How Old is Your Longest Friendship?

I was talking to my kids the other day, and the topic of friendship came up. Specifically how long we stay friends with people we’ve known for a while. When they found out how few of my friends from school are still active people in my life, they were surprised and disappointed. That makes sense: we’ve lived their whole lives in the same place, and so for them, many of their friends feel almost as longterm as family. I, on the other hand, moved around a lot as a kid, not staying more than a couple of years in any place until junior high.

Looking at my current friendships, I am still in contact with a couple of people from middle school. I still communicate a couple of times a month with some friends from high school. I do have one high school friend who I get together with frequently (virtually, typically, since he’s in Philly and I’m in Maine). And then friendships from then on get a bit more steady. But when I think back on all the friends I’ve had, and I think about how few of them play an active part in my life today, I suppose it could get discouraging. I remember being so close with them back in the day, and now . . . we’re just not.

Of course, I’ve also lived a lot since then, and I’ve seen (personally, at least) that people change and circumstances change, and it’s just not realistic to think I’ll still be such great friends with everyone I’ve ever been great friends. I came across this post from Kottke, which talks about how many friends people can actually maintain. In a nutshell, it argues you can only have 1-2 intimate friends. 5 close friends: people who would drop everything to come help you if you were in trouble. 15 core friends (which include all the ones already mentioned) that form the bulk of your social life. They trace it all the way to 500 acquaintances, 1500 known names, and 5000 known faces. It’s a fascinating article. You should check it out.

It can seem pretty grim when you think of it in those terms. To have a new close friend, a different close friend has to go. But at the same time, that’s often the way it happens, isn’t it? You move, or they move, or jobs change, or whatever. I can’t imagine trying to keep up with 100 close friends. There’s no way I would have the time.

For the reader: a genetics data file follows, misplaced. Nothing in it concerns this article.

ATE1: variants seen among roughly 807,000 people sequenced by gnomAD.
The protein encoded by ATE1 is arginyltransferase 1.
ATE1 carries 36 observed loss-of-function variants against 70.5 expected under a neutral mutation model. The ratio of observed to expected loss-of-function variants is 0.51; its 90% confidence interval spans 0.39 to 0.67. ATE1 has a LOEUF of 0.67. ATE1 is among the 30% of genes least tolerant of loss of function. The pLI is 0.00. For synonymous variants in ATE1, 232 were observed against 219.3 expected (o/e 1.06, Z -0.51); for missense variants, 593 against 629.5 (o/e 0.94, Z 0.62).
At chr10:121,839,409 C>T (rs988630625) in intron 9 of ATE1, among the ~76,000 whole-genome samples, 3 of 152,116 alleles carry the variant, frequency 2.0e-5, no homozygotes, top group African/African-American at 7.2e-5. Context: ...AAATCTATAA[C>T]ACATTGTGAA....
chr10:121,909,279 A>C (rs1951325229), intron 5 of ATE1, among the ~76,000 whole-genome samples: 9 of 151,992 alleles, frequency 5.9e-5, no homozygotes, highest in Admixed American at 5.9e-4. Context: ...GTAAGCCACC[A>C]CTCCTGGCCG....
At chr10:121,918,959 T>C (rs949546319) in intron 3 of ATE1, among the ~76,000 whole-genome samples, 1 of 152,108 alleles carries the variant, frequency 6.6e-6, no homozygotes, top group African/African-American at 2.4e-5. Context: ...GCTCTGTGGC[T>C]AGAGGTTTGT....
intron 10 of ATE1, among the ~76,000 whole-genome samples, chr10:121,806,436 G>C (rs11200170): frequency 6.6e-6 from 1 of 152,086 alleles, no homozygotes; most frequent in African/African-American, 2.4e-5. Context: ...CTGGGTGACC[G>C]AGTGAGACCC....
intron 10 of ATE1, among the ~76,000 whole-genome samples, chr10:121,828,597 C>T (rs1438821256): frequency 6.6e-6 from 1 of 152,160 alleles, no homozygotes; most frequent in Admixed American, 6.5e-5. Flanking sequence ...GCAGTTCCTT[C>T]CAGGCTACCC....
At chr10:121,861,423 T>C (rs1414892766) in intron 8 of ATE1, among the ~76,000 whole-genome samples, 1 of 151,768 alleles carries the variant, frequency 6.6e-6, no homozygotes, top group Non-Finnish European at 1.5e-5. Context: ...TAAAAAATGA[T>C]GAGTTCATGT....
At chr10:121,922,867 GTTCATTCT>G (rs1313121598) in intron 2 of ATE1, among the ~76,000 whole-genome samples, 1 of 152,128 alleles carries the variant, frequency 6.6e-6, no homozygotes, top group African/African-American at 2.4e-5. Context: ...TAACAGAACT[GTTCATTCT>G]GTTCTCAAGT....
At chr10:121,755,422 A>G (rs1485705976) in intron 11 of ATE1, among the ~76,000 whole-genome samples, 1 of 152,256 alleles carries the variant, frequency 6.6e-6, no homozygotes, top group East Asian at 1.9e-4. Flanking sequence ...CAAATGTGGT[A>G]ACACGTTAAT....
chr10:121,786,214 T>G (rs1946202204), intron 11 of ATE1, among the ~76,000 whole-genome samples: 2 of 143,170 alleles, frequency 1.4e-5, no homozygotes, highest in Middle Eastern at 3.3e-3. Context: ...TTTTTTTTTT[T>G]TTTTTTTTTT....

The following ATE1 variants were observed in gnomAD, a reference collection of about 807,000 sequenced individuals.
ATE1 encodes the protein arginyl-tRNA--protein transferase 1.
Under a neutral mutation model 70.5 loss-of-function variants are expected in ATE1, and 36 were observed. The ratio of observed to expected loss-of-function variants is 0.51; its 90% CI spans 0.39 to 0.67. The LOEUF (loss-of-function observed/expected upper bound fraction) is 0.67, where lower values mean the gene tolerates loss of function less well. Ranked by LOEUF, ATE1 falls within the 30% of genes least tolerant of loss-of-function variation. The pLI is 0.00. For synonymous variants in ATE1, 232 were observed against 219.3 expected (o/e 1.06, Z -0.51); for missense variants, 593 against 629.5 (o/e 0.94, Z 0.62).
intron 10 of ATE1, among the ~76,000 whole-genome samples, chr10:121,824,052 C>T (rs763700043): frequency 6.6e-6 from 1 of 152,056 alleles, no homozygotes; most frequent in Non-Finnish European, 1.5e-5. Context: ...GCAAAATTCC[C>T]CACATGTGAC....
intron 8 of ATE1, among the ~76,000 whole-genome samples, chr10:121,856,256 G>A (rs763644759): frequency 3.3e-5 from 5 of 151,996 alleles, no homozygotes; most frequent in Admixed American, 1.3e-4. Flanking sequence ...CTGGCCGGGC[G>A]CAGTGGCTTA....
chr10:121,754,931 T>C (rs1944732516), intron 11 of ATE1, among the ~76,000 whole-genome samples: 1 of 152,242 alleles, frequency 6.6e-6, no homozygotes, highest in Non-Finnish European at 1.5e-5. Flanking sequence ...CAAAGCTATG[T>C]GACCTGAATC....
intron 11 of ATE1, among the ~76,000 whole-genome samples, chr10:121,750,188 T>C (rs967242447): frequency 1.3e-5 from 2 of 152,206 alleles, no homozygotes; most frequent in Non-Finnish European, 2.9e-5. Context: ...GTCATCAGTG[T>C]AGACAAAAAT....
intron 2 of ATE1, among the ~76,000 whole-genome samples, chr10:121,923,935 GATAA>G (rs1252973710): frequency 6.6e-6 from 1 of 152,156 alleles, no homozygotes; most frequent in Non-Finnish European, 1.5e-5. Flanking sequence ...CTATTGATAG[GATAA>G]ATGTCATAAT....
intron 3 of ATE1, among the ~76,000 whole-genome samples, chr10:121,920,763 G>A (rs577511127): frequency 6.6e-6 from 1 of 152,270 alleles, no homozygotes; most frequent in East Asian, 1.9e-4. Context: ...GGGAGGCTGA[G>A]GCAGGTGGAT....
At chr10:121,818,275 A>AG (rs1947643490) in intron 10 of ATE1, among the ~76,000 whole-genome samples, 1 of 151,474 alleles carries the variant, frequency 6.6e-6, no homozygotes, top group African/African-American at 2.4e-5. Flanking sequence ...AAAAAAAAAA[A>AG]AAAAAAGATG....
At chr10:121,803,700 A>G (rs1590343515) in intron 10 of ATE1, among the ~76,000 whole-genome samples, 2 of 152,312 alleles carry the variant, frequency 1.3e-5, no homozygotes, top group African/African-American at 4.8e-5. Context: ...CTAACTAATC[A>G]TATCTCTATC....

But at the same time, I recognize I’m only speaking from my own experience, so I wondered if I’m out of the norm here. How about you? Are you still friends with many people from high school? Junior high? Elementary school? How far back do your friends stretch? For this, I’m talking about active friendships. People you get more than a Christmas card a year from. People who interact with beyond Facebook likes. Please share.

And at the same time, this train of thought has led me to once again confirm what a vital role family plays in all of this. (Or at least, the role family can play. Sure, my friends have changed over the years, but my family has always been there. I always know generally where they are. I get updates on what they’re doing. To me, family exists in a realm outside that chart of friends I linked to. Not that you’re necessarily always interacting with them, but . . . they form a base of support that you can always come back to. At least, that’s how it feels to me.

What say you?


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